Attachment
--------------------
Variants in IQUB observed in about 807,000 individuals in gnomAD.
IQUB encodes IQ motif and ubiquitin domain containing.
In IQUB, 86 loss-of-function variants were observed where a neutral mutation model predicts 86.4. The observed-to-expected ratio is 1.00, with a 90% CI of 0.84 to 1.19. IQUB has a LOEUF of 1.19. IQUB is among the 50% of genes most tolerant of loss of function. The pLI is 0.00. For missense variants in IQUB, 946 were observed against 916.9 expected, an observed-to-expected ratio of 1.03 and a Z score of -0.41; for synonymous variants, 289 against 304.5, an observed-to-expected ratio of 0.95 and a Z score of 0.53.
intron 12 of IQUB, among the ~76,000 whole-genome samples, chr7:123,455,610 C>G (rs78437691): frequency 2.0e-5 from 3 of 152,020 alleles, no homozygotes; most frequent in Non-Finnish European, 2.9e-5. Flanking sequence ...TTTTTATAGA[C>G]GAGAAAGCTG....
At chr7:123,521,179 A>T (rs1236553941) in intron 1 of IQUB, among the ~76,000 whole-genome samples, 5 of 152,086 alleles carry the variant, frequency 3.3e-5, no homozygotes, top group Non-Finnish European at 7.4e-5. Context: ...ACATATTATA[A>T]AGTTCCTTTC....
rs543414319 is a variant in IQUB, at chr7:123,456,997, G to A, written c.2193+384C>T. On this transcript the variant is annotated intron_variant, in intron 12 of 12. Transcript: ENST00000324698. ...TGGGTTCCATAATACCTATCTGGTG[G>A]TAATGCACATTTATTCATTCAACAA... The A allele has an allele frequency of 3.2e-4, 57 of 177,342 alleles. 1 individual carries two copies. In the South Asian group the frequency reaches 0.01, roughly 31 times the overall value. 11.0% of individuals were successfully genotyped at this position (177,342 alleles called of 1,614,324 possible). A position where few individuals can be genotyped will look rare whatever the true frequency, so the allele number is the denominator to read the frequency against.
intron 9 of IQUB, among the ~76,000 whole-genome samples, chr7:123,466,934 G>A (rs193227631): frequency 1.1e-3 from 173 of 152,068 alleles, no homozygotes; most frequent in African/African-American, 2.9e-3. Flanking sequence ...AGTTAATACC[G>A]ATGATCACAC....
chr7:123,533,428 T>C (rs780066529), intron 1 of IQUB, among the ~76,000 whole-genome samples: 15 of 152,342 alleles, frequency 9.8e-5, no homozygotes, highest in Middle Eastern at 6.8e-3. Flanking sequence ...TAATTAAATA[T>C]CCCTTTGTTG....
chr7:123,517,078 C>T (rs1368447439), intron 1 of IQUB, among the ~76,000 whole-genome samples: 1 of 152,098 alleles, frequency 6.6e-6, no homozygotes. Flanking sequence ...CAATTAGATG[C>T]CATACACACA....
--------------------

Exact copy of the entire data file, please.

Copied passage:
Variants in IQUB observed in about 807,000 individuals in gnomAD.
IQUB encodes IQ motif and ubiquitin domain containing.
In IQUB, 86 loss-of-function variants were observed where a neutral mutation model predicts 86.4. The observed-to-expected ratio is 1.00, with a 90% CI of 0.84 to 1.19. IQUB has a LOEUF of 1.19. IQUB is among the 50% of genes most tolerant of loss of function. The pLI is 0.00. For missense variants in IQUB, 946 were observed against 916.9 expected, an observed-to-expected ratio of 1.03 and a Z score of -0.41; for synonymous variants, 289 against 304.5, an observed-to-expected ratio of 0.95 and a Z score of 0.53.
intron 12 of IQUB, among the ~76,000 whole-genome samples, chr7:123,455,610 C>G (rs78437691): frequency 2.0e-5 from 3 of 152,020 alleles, no homozygotes; most frequent in Non-Finnish European, 2.9e-5. Flanking sequence ...TTTTTATAGA[C>G]GAGAAAGCTG....
At chr7:123,521,179 A>T (rs1236553941) in intron 1 of IQUB, among the ~76,000 whole-genome samples, 5 of 152,086 alleles carry the variant, frequency 3.3e-5, no homozygotes, top group Non-Finnish European at 7.4e-5. Context: ...ACATATTATA[A>T]AGTTCCTTTC....
rs543414319 is a variant in IQUB, at chr7:123,456,997, G to A, written c.2193+384C>T. On this transcript the variant is annotated intron_variant, in intron 12 of 12. Transcript: ENST00000324698. ...TGGGTTCCATAATACCTATCTGGTG[G>A]TAATGCACATTTATTCATTCAACAA... The A allele has an allele frequency of 3.2e-4, 57 of 177,342 alleles. 1 individual carries two copies. In the South Asian group the frequency reaches 0.01, roughly 31 times the overall value. 11.0% of individuals were successfully genotyped at this position (177,342 alleles called of 1,614,324 possible). A position where few individuals can be genotyped will look rare whatever the true frequency, so the allele number is the denominator to read the frequency against.
intron 9 of IQUB, among the ~76,000 whole-genome samples, chr7:123,466,934 G>A (rs193227631): frequency 1.1e-3 from 173 of 152,068 alleles, no homozygotes; most frequent in African/African-American, 2.9e-3. Flanking sequence ...AGTTAATACC[G>A]ATGATCACAC....
chr7:123,533,428 T>C (rs780066529), intron 1 of IQUB, among the ~76,000 whole-genome samples: 15 of 152,342 alleles, frequency 9.8e-5, no homozygotes, highest in Middle Eastern at 6.8e-3. Flanking sequence ...TAATTAAATA[T>C]CCCTTTGTTG....
chr7:123,517,078 C>T (rs1368447439), intron 1 of IQUB, among the ~76,000 whole-genome samples: 1 of 152,098 alleles, frequency 6.6e-6, no homozygotes. Flanking sequence ...CAATTAGATG[C>T]CATACACACA....